On Cue: How the Jones Soda CEO Navigated Her Own and the Company’s Comeback

The former CEO of Jones Soda, Jennifer Cue, came back to pull the company out of its slump. Here's how she did it.

Jennifer Cue left as CEO of Jones Soda Co. in 2006 believing that the company she had led to strong sales growth and a public stock offering was on the path to long-term prosperity.

But five years ago, after Jones lost a lot of fizz under her successors, Cue felt it necessary to return to the helm at the board’s invitation and sink $700,000 of her own money into a rescue effort. The biggest part of her strategy was to overhaul a corporate culture that had gone awry, bringing Jones to the brink of disaster.

“When I came back, there were declining revenues and losses of close to $10 million a year,” Cue told Chief Executive. Jones’ annual revenues were $39 million when Cue left, but only $16 million in 2016. But last year, even as the giants of the soda category kept experiencing volume declines, “we were back to double-digit revenue growth and positive EBITDA. So I feel positive about the stabilization, and now we have the knowledge and ability to bring out new products.”

The Seattle-based company was one of the original “craft-soda” brands that offered unusual flavors—and early social-media-era packaging that employed customers’ real photographs—to steal share from the big commodity soft-drink players. Jones was CFO, then COO before becoming the chief. But she left the job to focus on raising her daughter.

“I had to take those same principles as when we started and create that mindset again. Things had gotten too corporate.”

Quickly, the company spiraled downward under a string of four CEOs. Clearly they lost touch with what the brand was about; one introduced Jones in cans even though its glass-bottle packaging was an important aspect of its persona. Executive salaries ballooned even while performance waned.

Cue knew what she had to do. “We are a 21-year-old brand,” she said. “So I had to take those same principles as when we started and create that mindset again. Things had gotten too corporate.”

Here are 6 steps Cue took to transform Jones’ culture and put the company back in growth mode.

1. Slay the fat cats. Cue slashed overhead by replacing a cushy commission program for the salesforce with a more variable scheme and by becoming more generous with stock awards. “The previous group was spending $12 million to run the company with the same size of business that we’re now spending $4 million to run,” she said.

2. Become an example. Besides investing hugely in the turnaround from her own funds, Cue took a “low salary right from day one” of her return, about one-third the level of the previous CEO. And she asked board members to reduce their salaries too and take a chance on more stock compensation. “Our people could see that we weren’t asking them to change while, at the top, we were maintaining our same-old, same-old,” Cue explained. “Leading by example is hugely important.”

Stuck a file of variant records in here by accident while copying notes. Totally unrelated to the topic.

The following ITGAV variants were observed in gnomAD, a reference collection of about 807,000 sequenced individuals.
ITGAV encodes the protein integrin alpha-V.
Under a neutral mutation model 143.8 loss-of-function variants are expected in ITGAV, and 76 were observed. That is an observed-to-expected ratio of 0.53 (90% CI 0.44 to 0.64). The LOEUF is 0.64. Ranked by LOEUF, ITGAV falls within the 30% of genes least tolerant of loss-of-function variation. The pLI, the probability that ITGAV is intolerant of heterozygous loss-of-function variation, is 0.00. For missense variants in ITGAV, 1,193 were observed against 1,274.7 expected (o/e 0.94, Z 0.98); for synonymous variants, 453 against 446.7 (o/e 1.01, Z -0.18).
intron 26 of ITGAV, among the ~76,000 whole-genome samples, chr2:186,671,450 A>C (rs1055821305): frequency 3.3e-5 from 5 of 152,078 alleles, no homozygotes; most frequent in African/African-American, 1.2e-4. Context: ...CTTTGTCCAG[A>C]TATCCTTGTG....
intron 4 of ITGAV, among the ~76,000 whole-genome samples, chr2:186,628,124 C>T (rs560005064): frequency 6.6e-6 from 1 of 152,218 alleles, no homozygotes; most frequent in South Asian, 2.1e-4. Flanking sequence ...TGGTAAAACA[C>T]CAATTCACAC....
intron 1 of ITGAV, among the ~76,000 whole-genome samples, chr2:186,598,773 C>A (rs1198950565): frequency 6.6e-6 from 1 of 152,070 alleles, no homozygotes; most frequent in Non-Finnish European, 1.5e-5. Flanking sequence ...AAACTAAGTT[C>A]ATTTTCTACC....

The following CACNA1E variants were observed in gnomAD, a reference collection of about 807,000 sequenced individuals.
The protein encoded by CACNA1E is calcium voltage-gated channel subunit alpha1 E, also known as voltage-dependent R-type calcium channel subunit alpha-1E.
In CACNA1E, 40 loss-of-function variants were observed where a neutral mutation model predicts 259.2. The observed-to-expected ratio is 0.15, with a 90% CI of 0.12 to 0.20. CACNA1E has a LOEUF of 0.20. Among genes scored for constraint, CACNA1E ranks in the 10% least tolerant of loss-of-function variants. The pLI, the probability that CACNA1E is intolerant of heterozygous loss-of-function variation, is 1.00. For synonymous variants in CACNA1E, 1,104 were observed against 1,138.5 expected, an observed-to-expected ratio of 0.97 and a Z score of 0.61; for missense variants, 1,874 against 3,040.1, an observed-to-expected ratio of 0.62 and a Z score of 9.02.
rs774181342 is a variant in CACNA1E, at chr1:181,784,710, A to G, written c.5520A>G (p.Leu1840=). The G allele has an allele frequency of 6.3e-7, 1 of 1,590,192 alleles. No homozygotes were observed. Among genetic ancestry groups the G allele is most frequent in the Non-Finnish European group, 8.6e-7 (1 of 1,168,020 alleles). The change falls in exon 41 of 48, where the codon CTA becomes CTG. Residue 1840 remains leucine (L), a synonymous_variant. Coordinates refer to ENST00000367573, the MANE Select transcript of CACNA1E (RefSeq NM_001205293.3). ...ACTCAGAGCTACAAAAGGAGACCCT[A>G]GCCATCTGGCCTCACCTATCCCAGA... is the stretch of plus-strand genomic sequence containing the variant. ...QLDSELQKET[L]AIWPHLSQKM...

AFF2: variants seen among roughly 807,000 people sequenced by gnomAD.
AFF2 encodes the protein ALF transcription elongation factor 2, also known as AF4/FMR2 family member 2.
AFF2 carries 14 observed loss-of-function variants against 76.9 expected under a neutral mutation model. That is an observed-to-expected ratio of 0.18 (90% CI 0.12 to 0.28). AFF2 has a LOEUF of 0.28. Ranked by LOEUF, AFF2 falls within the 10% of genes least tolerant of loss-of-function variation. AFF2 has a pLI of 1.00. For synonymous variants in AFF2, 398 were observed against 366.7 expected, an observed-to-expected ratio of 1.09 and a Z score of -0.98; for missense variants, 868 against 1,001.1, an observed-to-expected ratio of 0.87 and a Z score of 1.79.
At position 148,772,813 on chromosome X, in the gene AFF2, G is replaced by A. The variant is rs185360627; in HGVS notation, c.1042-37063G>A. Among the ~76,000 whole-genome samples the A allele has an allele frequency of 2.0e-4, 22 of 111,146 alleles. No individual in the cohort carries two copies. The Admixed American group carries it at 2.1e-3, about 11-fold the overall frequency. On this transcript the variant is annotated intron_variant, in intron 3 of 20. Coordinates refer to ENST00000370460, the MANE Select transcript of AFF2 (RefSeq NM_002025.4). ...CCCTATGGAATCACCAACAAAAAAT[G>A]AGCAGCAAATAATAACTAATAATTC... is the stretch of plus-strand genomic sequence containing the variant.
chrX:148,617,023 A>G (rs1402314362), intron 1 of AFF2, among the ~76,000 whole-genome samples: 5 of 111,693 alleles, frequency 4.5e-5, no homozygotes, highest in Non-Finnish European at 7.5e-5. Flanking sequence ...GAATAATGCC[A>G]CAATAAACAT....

3. Hire young. Now, 70% of Jones’ employees are millennials. “They get a bad rap sometimes,” Cue said. “But I really do think that, whatever their age, most people just like to be able to make an impact.”

4. Provide more autonomy. “We began allowing people just to show up and do some great things,” including taking risks on new products that fit the Jones brand, such as Lemoncocco, a non-sparkling concoction that was inspired by a beverage popular in Italy. “We had to get the right type of people who could do that. And now it’s that type of person who’s really survived and flourished at this company, similar to how it was when we launched Jones many years ago.”

5. Create a family atmosphere. They’re “little things,” Cue said, but Jones now does stuff like “taking people out in our backyard and having a barbecue. People enjoy that kind of thing.”

6. Being there. The caring has to be real for employees, and also demonstrated. When the father of one highly respected employee died, Cue and other executives helped the employee to avail a cheap funeral plan and they also attended the funeral to pay their respects.  “It’s not about doing that to show something, but it’s really feeling it,” she said. “People are loyal to you when you do that.”


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